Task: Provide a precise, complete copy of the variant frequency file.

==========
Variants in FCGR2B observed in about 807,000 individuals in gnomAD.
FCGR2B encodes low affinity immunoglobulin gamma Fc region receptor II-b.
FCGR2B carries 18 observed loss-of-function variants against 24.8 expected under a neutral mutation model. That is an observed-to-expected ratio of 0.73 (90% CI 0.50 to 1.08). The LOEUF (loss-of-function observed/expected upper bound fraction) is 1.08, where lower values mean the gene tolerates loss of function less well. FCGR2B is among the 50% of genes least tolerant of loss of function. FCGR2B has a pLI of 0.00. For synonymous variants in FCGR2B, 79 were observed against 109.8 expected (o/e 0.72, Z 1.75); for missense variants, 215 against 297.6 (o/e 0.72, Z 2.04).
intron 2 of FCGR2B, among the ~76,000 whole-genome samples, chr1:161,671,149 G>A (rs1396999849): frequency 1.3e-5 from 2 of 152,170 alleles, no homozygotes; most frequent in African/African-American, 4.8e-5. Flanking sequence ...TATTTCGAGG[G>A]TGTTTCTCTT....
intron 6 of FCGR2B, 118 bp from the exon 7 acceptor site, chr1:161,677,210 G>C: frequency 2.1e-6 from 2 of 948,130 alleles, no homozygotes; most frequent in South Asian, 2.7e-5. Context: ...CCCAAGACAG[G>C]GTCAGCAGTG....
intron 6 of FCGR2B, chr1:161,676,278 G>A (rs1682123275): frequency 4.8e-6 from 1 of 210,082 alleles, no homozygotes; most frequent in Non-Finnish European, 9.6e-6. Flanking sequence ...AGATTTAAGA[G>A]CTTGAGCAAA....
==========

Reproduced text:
Variants in FCGR2B observed in about 807,000 individuals in gnomAD.
FCGR2B encodes low affinity immunoglobulin gamma Fc region receptor II-b.
FCGR2B carries 18 observed loss-of-function variants against 24.8 expected under a neutral mutation model. That is an observed-to-expected ratio of 0.73 (90% CI 0.50 to 1.08). The LOEUF (loss-of-function observed/expected upper bound fraction) is 1.08, where lower values mean the gene tolerates loss of function less well. FCGR2B is among the 50% of genes least tolerant of loss of function. FCGR2B has a pLI of 0.00. For synonymous variants in FCGR2B, 79 were observed against 109.8 expected (o/e 0.72, Z 1.75); for missense variants, 215 against 297.6 (o/e 0.72, Z 2.04).
intron 2 of FCGR2B, among the ~76,000 whole-genome samples, chr1:161,671,149 G>A (rs1396999849): frequency 1.3e-5 from 2 of 152,170 alleles, no homozygotes; most frequent in African/African-American, 4.8e-5. Flanking sequence ...TATTTCGAGG[G>A]TGTTTCTCTT....
intron 6 of FCGR2B, 118 bp from the exon 7 acceptor site, chr1:161,677,210 G>C: frequency 2.1e-6 from 2 of 948,130 alleles, no homozygotes; most frequent in South Asian, 2.7e-5. Context: ...CCCAAGACAG[G>C]GTCAGCAGTG....
intron 6 of FCGR2B, chr1:161,676,278 G>A (rs1682123275): frequency 4.8e-6 from 1 of 210,082 alleles, no homozygotes; most frequent in Non-Finnish European, 9.6e-6. Flanking sequence ...AGATTTAAGA[G>A]CTTGAGCAAA....